Sunset Park Residents on Edge After Brooklyn Subway Shooting
25-year-old lejandro Quintanos was not quite recovered from the horrific shooting attack at New York City’s train station that saw at least 23 people killed.
Quintanos is a Sunset Park resident who told TIME on Tuesday that he was in a deli just a block from the 36th St. station when commuters began to run out of the station. Seeing smoke, he initially believed there was a fire—though he soon learned what the rest of the city and world did: that a gunman had thrown several smoke grenades onto a crowded train and opened fire.
Quintanos is an area grocery-store clerk but he uses it regularly. “I could have been in that station,” he said.
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Quintanos observed the scene surrounding the subway station chaos for several hours, even though it was over an hour after the violence.
According to data from 2020, Sunset Park is home to a large Hispanic and Asian population. As such, it tends to experience less crime than other boroughs and cities. Police officers in bulletproof vests, along with other law enforcement officials, were seen walking the streets on Tuesday. Numerous corners were served by NYPD vans. Reporters and media vans waited near the station for information from officials about the state of the gunman’s investigation.
On April 12, 2022, law enforcement officers were on the scene at the 36th Street Subway Station in Sunset Park in Brooklyn.
Victor J. Blue—Bloomberg via Getty Images
Through the day, information trickled in. According to reports, the suspect was wearing an orange construction vest and gas mask. He also had construction gear, including a backpack. Officials say that 10 people were wounded, with seven of them being males and three girls. According to officials, 13 other people sustained injuries due to the incident. These included smoke inhalation or falling down.
“None of the injuries appear to be life-threatening,” NYPD police commissioner Keechant Sewell said during a Tuesday evening press conference. “We know this incident is of grave concern to New Yorkers. This city is not safe. We will use every resource we can to bring those to justice who continue to prey on the citizens of New York.”
Sewell explained that while authorities identified the person who was involved in the violence and found an empty van thought to have been driven there by this person, they are still looking for the shooter.
On Tuesday, even as that continuing search dominated the thoughts of many in the neighborhood, locals who spoke to TIME—while shaken by the news and eager for more information—displayed a composure befitting stereotypes about unflappable New Yorkers.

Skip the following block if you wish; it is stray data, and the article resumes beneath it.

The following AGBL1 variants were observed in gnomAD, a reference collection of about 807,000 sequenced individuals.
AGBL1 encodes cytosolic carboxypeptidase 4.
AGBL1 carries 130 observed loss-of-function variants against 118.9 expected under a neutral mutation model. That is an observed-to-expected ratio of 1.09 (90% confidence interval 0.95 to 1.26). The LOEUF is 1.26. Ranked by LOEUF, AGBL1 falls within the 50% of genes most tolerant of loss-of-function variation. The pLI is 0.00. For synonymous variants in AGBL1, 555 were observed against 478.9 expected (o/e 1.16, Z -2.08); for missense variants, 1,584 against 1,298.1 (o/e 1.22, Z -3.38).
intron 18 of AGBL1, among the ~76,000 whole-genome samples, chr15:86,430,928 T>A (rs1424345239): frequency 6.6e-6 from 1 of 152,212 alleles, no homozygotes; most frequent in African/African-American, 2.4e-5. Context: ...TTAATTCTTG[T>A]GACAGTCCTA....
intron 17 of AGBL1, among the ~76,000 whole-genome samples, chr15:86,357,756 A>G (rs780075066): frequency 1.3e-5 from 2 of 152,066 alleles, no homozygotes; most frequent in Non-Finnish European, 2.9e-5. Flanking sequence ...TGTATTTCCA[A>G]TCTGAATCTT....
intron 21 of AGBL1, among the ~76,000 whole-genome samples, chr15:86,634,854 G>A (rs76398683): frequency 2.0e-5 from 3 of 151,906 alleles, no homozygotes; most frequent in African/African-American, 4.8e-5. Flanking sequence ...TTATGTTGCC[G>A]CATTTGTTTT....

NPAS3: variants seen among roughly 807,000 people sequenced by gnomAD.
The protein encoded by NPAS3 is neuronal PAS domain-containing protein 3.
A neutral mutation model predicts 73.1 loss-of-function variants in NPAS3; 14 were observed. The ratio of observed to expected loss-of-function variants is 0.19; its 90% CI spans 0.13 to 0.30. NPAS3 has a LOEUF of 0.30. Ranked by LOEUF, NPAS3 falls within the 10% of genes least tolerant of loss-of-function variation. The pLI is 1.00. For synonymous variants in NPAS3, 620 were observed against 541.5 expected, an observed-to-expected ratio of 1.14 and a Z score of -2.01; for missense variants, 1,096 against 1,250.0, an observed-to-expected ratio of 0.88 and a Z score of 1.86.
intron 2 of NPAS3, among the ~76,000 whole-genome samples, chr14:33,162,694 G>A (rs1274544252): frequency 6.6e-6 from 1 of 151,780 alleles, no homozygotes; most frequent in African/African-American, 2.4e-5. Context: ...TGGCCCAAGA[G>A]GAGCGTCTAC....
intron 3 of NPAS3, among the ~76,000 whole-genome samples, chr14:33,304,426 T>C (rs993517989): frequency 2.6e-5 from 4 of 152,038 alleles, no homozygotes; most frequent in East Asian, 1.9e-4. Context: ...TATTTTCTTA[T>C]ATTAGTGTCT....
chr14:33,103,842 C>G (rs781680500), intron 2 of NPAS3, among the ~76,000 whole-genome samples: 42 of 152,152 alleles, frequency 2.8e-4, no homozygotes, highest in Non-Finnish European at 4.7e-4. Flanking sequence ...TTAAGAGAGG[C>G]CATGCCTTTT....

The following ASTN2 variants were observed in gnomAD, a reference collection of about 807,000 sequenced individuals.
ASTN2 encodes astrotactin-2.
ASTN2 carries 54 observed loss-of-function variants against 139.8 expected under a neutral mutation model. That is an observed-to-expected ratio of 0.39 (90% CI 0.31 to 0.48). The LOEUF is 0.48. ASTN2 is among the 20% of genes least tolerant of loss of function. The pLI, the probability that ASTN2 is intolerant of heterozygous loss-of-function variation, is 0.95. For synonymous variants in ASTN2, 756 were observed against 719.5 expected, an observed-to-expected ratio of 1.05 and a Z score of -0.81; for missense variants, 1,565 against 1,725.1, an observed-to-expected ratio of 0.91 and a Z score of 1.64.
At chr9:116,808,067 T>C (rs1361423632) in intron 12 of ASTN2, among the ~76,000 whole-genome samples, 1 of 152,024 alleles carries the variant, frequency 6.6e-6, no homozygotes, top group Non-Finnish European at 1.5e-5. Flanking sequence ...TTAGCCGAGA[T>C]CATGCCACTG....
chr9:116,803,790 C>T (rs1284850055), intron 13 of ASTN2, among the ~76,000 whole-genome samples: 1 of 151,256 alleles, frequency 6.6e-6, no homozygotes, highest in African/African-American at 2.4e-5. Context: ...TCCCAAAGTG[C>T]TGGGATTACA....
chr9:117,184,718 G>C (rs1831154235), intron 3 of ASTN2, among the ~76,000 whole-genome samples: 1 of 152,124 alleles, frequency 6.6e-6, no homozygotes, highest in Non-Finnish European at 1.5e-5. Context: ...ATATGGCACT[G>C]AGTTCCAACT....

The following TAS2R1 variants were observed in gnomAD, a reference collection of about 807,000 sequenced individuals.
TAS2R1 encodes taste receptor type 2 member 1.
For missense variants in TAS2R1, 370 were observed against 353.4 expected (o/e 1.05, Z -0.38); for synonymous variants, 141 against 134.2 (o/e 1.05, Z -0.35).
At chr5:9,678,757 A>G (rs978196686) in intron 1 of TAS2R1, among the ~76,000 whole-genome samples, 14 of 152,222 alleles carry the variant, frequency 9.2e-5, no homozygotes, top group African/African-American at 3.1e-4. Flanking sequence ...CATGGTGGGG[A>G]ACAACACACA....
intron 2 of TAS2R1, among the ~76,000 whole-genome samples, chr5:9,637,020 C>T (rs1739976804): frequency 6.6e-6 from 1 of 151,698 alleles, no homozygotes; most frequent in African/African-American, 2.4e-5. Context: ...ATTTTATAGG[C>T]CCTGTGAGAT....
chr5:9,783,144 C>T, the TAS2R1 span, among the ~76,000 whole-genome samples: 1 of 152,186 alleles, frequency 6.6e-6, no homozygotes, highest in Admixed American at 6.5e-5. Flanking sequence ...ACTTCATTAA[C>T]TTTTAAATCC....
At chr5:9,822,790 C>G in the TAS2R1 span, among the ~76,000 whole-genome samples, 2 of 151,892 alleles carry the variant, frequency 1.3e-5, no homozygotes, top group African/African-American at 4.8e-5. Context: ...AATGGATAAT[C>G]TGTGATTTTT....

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Tory Cooper (33) had just passed by the 36th St. station at around 7am, and was now returning home from Sunset Park, where he’d worked his night security shift. A barrage of messages and phone calls came from his family, who’d seen the news. “It was crazy because you always think about something like this happening,” he said, sitting on his stoop later in the day, seeming to monitor his block. “But you never think it’ll actually happen.” From his home, the commotion of the scene could still be heard in the distance.
Cooper expressed concern about the gunman not yet being found—and what the potential impacts of the search might be for locals—and said he expects the police to ramp up their presence at various train stations as a response to the incident. But his attitude toward the day’s events was a relatively serene one.
“They’ll get him,” he said, of the suspect. “It’s only a matter of time.”
Multiple people were shot outside of the 36th St. police station. Emergency services and police are present at the scene. Subway Station, Brooklyn’s Sunset Park, New York City, April 12, 2022
Pablo Monsalve—VIEWpress/Corbis via Getty Images
Melanie Diggs (38), a local resident, couldn’t believe that the gunman hadn’t been captured immediately. “I just don’t understand how he got away. You always see police officers walking in the stations,” she said.
She was alert but confident it would be a matterof time.
“I’m a little concerned that they haven’t found him, but they should catch him,” she said. “Where could he have gone?”
The city’s mayor appeared to feel the same way—while acknowledging that the problem of gun violence would still loom, no matter when and whether the suspect was caught.
“This is not only a New York City problem. This rage, this violence, these guns, these relentless shooters are an American problem,” New York City Mayor Eric Adams said at a press conference on Tuesday. “It is going to take all levels of government to solve it.”
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